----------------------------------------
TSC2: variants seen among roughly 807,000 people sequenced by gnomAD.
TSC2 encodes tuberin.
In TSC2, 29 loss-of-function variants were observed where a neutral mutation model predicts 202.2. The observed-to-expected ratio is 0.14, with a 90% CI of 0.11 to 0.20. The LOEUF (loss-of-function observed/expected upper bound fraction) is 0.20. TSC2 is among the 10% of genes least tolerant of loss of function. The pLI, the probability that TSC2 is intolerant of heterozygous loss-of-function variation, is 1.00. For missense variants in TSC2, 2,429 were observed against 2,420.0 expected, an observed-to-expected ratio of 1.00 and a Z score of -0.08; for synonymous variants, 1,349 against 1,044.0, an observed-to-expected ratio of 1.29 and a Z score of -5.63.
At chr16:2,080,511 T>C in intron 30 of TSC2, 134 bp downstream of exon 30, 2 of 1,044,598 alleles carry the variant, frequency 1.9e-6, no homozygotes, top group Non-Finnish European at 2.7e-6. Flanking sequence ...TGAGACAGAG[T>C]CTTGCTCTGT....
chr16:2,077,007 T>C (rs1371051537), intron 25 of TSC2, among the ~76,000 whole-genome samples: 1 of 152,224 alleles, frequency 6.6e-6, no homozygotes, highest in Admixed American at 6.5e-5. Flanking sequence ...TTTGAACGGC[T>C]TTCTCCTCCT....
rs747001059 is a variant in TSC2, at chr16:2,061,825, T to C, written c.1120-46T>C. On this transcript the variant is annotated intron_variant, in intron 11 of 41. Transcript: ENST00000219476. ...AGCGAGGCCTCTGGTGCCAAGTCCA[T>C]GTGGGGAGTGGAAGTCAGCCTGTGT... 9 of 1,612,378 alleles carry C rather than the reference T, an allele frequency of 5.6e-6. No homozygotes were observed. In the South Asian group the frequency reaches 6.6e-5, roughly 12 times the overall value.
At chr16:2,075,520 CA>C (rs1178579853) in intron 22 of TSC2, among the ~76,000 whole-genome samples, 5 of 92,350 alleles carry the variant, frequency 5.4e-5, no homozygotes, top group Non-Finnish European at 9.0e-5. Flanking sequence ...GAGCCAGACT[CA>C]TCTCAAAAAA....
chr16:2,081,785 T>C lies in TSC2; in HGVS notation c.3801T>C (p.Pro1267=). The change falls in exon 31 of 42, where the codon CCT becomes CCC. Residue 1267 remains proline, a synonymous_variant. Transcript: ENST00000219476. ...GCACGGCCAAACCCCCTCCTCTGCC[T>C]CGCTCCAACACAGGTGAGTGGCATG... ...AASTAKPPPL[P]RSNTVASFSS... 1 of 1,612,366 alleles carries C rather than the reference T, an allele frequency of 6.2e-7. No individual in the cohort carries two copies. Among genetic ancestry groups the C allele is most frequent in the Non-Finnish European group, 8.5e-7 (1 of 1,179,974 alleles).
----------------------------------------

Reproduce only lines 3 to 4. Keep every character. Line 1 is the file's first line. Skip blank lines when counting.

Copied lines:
In TSC2, 29 loss-of-function variants were observed where a neutral mutation model predicts 202.2. The observed-to-expected ratio is 0.14, with a 90% CI of 0.11 to 0.20. The LOEUF (loss-of-function observed/expected upper bound fraction) is 0.20. TSC2 is among the 10% of genes least tolerant of loss of function. The pLI, the probability that TSC2 is intolerant of heterozygous loss-of-function variation, is 1.00. For missense variants in TSC2, 2,429 were observed against 2,420.0 expected, an observed-to-expected ratio of 1.00 and a Z score of -0.08; for synonymous variants, 1,349 against 1,044.0, an observed-to-expected ratio of 1.29 and a Z score of -5.63.
At chr16:2,080,511 T>C in intron 30 of TSC2, 134 bp downstream of exon 30, 2 of 1,044,598 alleles carry the variant, frequency 1.9e-6, no homozygotes, top group Non-Finnish European at 2.7e-6. Flanking sequence ...TGAGACAGAG[T>C]CTTGCTCTGT....